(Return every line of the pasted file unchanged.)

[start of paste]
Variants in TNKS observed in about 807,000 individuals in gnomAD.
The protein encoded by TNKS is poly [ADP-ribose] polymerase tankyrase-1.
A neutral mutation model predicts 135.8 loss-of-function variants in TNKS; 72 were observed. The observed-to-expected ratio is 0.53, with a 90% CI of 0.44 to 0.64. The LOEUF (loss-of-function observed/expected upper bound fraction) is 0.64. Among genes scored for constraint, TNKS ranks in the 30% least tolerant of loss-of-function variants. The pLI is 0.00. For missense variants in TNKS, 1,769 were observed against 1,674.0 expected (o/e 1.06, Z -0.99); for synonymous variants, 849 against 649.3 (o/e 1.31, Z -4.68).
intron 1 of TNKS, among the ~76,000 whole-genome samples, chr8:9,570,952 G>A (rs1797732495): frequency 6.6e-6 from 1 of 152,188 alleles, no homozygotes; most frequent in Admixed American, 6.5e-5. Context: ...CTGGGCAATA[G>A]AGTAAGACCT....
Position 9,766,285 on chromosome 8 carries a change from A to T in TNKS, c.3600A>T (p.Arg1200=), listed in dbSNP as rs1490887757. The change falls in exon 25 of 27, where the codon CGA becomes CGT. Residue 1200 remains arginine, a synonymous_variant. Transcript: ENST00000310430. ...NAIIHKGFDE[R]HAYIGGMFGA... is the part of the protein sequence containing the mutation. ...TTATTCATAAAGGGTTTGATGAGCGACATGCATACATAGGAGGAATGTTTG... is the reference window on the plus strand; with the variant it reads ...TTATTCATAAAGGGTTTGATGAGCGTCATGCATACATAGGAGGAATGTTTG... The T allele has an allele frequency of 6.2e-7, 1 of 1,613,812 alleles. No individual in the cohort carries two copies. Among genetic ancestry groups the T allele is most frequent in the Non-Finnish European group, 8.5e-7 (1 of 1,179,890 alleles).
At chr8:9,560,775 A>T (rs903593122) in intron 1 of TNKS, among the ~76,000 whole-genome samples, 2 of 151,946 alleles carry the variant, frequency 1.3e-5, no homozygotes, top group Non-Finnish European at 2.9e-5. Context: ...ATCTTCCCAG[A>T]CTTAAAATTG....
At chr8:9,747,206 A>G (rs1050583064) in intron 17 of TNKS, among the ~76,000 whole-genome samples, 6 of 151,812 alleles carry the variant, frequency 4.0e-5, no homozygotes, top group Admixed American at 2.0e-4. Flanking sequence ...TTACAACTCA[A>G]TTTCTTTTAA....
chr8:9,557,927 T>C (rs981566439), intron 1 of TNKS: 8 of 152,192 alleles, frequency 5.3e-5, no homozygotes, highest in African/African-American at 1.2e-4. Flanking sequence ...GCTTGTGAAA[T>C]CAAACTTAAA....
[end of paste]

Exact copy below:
Variants in TNKS observed in about 807,000 individuals in gnomAD.
The protein encoded by TNKS is poly [ADP-ribose] polymerase tankyrase-1.
A neutral mutation model predicts 135.8 loss-of-function variants in TNKS; 72 were observed. The observed-to-expected ratio is 0.53, with a 90% CI of 0.44 to 0.64. The LOEUF (loss-of-function observed/expected upper bound fraction) is 0.64. Among genes scored for constraint, TNKS ranks in the 30% least tolerant of loss-of-function variants. The pLI is 0.00. For missense variants in TNKS, 1,769 were observed against 1,674.0 expected (o/e 1.06, Z -0.99); for synonymous variants, 849 against 649.3 (o/e 1.31, Z -4.68).
intron 1 of TNKS, among the ~76,000 whole-genome samples, chr8:9,570,952 G>A (rs1797732495): frequency 6.6e-6 from 1 of 152,188 alleles, no homozygotes; most frequent in Admixed American, 6.5e-5. Context: ...CTGGGCAATA[G>A]AGTAAGACCT....
Position 9,766,285 on chromosome 8 carries a change from A to T in TNKS, c.3600A>T (p.Arg1200=), listed in dbSNP as rs1490887757. The change falls in exon 25 of 27, where the codon CGA becomes CGT. Residue 1200 remains arginine, a synonymous_variant. Transcript: ENST00000310430. ...NAIIHKGFDE[R]HAYIGGMFGA... is the part of the protein sequence containing the mutation. ...TTATTCATAAAGGGTTTGATGAGCGACATGCATACATAGGAGGAATGTTTG... is the reference window on the plus strand; with the variant it reads ...TTATTCATAAAGGGTTTGATGAGCGTCATGCATACATAGGAGGAATGTTTG... The T allele has an allele frequency of 6.2e-7, 1 of 1,613,812 alleles. No individual in the cohort carries two copies. Among genetic ancestry groups the T allele is most frequent in the Non-Finnish European group, 8.5e-7 (1 of 1,179,890 alleles).
At chr8:9,560,775 A>T (rs903593122) in intron 1 of TNKS, among the ~76,000 whole-genome samples, 2 of 151,946 alleles carry the variant, frequency 1.3e-5, no homozygotes, top group Non-Finnish European at 2.9e-5. Context: ...ATCTTCCCAG[A>T]CTTAAAATTG....
At chr8:9,747,206 A>G (rs1050583064) in intron 17 of TNKS, among the ~76,000 whole-genome samples, 6 of 151,812 alleles carry the variant, frequency 4.0e-5, no homozygotes, top group Admixed American at 2.0e-4. Flanking sequence ...TTACAACTCA[A>G]TTTCTTTTAA....
chr8:9,557,927 T>C (rs981566439), intron 1 of TNKS: 8 of 152,192 alleles, frequency 5.3e-5, no homozygotes, highest in African/African-American at 1.2e-4. Flanking sequence ...GCTTGTGAAA[T>C]CAAACTTAAA....